There are certainly lots of curious things that happen in sections of Old Testament narrative. But one of the more curious realities of the Moses narrative, to me, is the fact that Moses is not allowed to go into the Promised Land. It’s not the fact that he’s forbidden that seems curious, but the fact that he seems repeatedly to blame his sin on the people of Israel (see Deut. 4.21-22 for example).
On this, D.A. Carson writes:
Of the many lessons that spring from this historical recital, one relatively minor point — painful to Moses and important for us — quietly emerges. Moses repeatedly reminds the people that he himself will not be permitted to enter the land. He is referring to the time he struck the rock instead of speaking to it (Num. 20). But now he points out, truthfully, that his sin and punishment took place, he says, “because of you” (Deut. 1:37; Deut. 3:23-27; Deut. 4:21-22). Of course, Moses was responsible for his own action. But he would not have been tempted had the people been godly. Their persistent unbelief and whining wore him down. (For the Love of God, vol. 1. Read the full entry here.)
In other words, the persistent sin of the people of Israel had finally provoked the meekest of all men on the earth (Num 12.3) to sin. And now he was paying for it, ‘because of [them].’
Do you see what happened? When they persisted in unbelief, rebellion, and sin, it discouraged and disheartened even the most faithful. Holiness and the battle against sin, for the people of Israel, was something essentially communal. However one person acted effected others.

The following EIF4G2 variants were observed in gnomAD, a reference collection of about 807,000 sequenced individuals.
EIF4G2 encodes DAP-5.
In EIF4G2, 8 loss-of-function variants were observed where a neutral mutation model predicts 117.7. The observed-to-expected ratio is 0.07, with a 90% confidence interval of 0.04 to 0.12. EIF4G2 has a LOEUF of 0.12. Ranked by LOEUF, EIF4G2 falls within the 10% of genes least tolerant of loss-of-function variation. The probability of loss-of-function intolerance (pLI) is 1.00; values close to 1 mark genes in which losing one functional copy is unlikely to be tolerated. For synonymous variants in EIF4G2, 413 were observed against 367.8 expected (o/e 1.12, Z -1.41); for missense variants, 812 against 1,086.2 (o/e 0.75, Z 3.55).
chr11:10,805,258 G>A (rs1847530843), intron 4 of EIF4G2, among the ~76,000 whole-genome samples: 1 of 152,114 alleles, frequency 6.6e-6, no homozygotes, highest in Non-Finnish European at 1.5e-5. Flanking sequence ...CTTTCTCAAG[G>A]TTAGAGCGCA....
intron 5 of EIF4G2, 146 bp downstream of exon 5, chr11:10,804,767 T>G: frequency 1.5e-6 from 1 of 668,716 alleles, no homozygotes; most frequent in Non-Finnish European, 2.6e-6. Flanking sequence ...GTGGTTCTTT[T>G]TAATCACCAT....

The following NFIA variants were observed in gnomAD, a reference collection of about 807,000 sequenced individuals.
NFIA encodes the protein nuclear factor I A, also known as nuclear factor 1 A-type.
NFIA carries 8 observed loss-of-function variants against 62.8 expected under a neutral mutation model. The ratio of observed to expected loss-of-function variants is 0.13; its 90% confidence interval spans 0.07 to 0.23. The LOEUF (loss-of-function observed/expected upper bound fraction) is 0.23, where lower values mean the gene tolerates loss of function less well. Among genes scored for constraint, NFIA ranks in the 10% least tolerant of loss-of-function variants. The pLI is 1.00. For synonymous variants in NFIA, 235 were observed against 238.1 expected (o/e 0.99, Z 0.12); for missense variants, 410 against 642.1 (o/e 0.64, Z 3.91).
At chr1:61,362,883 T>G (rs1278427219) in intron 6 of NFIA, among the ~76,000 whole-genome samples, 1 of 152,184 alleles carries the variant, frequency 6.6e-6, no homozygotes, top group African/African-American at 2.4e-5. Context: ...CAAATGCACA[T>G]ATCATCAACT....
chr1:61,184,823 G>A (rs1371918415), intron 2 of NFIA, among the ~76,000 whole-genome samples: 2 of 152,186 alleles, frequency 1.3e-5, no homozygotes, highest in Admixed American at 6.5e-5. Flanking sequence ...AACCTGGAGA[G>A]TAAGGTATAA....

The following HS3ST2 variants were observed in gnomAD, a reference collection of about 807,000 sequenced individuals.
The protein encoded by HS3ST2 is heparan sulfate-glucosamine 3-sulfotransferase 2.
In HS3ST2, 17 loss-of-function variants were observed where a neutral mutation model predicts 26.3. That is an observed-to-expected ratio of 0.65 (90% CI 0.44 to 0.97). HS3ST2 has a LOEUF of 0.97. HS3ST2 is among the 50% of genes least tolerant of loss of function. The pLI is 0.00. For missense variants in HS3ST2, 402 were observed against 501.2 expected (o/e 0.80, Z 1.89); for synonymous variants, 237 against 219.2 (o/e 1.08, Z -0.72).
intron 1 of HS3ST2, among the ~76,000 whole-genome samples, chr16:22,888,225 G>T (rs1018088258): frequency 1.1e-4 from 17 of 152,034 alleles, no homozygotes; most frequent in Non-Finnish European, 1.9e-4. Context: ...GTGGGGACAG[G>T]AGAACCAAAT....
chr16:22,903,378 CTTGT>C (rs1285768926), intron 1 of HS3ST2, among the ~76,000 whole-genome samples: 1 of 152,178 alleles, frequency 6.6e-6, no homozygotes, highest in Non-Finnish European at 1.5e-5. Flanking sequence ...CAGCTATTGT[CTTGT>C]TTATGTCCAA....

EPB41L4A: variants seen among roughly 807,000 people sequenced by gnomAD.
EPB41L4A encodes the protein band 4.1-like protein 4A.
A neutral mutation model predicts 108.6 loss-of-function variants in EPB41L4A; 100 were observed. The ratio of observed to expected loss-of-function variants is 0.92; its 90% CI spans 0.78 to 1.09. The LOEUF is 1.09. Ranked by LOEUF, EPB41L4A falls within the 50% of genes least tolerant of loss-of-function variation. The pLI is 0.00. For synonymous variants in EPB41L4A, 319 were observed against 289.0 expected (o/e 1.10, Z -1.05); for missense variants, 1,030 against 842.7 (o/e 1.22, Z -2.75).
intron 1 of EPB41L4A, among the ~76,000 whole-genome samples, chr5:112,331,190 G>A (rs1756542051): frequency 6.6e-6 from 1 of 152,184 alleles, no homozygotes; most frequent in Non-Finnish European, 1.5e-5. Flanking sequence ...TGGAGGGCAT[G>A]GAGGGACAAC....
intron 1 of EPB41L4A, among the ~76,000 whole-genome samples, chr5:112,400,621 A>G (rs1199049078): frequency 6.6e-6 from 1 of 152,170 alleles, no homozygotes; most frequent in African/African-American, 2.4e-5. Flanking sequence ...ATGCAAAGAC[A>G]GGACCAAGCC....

Things don’t change much on that front in the New Covenant. But contrast the effect the hard-hearted Israelites had on Moses with the effect that the New Covenant people of God are to have on each other.
Let us hold fast the confession of our hope without wavering, for he who promised is faithful. And let us consider how to [provoke] one another to love and good works, not neglecting to meet together, as is the habit of some, but encouraging one another, and all the more as you see the Day drawing near. (Heb 10.23-24)
So as you face your day today as a Christian, remember that you are a part of a community. Remember that as one of the members of the covenant people of God your actions, whether for good or for ill, are provoking me, and all the people around you.
You have the power to walk in sin and provoke others to discouragement, frustration, and sin. But because the Holy Spirit indwells you, you also have the power to walk in righteousness and faith and provoke others to love and good works.
So get provoking!